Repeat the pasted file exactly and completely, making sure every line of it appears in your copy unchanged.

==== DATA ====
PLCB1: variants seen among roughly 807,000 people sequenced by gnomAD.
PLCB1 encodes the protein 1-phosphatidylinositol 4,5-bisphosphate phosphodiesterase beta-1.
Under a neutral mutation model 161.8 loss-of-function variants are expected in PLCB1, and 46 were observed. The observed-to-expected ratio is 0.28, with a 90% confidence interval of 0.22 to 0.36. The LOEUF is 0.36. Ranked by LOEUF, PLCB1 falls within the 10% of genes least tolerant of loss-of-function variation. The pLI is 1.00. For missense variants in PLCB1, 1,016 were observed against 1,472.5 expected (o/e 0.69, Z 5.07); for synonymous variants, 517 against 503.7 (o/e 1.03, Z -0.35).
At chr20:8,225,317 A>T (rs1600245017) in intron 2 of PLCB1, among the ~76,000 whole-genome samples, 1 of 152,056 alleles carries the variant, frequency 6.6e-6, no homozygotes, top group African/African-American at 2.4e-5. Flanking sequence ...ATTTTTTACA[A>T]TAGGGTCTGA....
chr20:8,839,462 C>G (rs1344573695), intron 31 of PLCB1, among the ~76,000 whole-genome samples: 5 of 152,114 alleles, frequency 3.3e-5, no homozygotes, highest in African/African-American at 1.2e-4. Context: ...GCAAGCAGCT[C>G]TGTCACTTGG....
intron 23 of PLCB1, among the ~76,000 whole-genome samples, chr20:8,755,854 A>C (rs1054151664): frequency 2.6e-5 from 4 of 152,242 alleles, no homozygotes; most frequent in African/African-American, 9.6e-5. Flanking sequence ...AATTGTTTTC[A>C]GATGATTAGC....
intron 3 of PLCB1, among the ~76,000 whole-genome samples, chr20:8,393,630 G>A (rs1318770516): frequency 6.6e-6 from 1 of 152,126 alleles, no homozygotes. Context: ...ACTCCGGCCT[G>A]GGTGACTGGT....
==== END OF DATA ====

PLCB1: variants seen among roughly 807,000 people sequenced by gnomAD.
PLCB1 encodes the protein 1-phosphatidylinositol 4,5-bisphosphate phosphodiesterase beta-1.
Under a neutral mutation model 161.8 loss-of-function variants are expected in PLCB1, and 46 were observed. The observed-to-expected ratio is 0.28, with a 90% confidence interval of 0.22 to 0.36. The LOEUF is 0.36. Ranked by LOEUF, PLCB1 falls within the 10% of genes least tolerant of loss-of-function variation. The pLI is 1.00. For missense variants in PLCB1, 1,016 were observed against 1,472.5 expected (o/e 0.69, Z 5.07); for synonymous variants, 517 against 503.7 (o/e 1.03, Z -0.35).
At chr20:8,225,317 A>T (rs1600245017) in intron 2 of PLCB1, among the ~76,000 whole-genome samples, 1 of 152,056 alleles carries the variant, frequency 6.6e-6, no homozygotes, top group African/African-American at 2.4e-5. Flanking sequence ...ATTTTTTACA[A>T]TAGGGTCTGA....
chr20:8,839,462 C>G (rs1344573695), intron 31 of PLCB1, among the ~76,000 whole-genome samples: 5 of 152,114 alleles, frequency 3.3e-5, no homozygotes, highest in African/African-American at 1.2e-4. Context: ...GCAAGCAGCT[C>G]TGTCACTTGG....
intron 23 of PLCB1, among the ~76,000 whole-genome samples, chr20:8,755,854 A>C (rs1054151664): frequency 2.6e-5 from 4 of 152,242 alleles, no homozygotes; most frequent in African/African-American, 9.6e-5. Flanking sequence ...AATTGTTTTC[A>C]GATGATTAGC....
intron 3 of PLCB1, among the ~76,000 whole-genome samples, chr20:8,393,630 G>A (rs1318770516): frequency 6.6e-6 from 1 of 152,126 alleles, no homozygotes. Context: ...ACTCCGGCCT[G>A]GGTGACTGGT....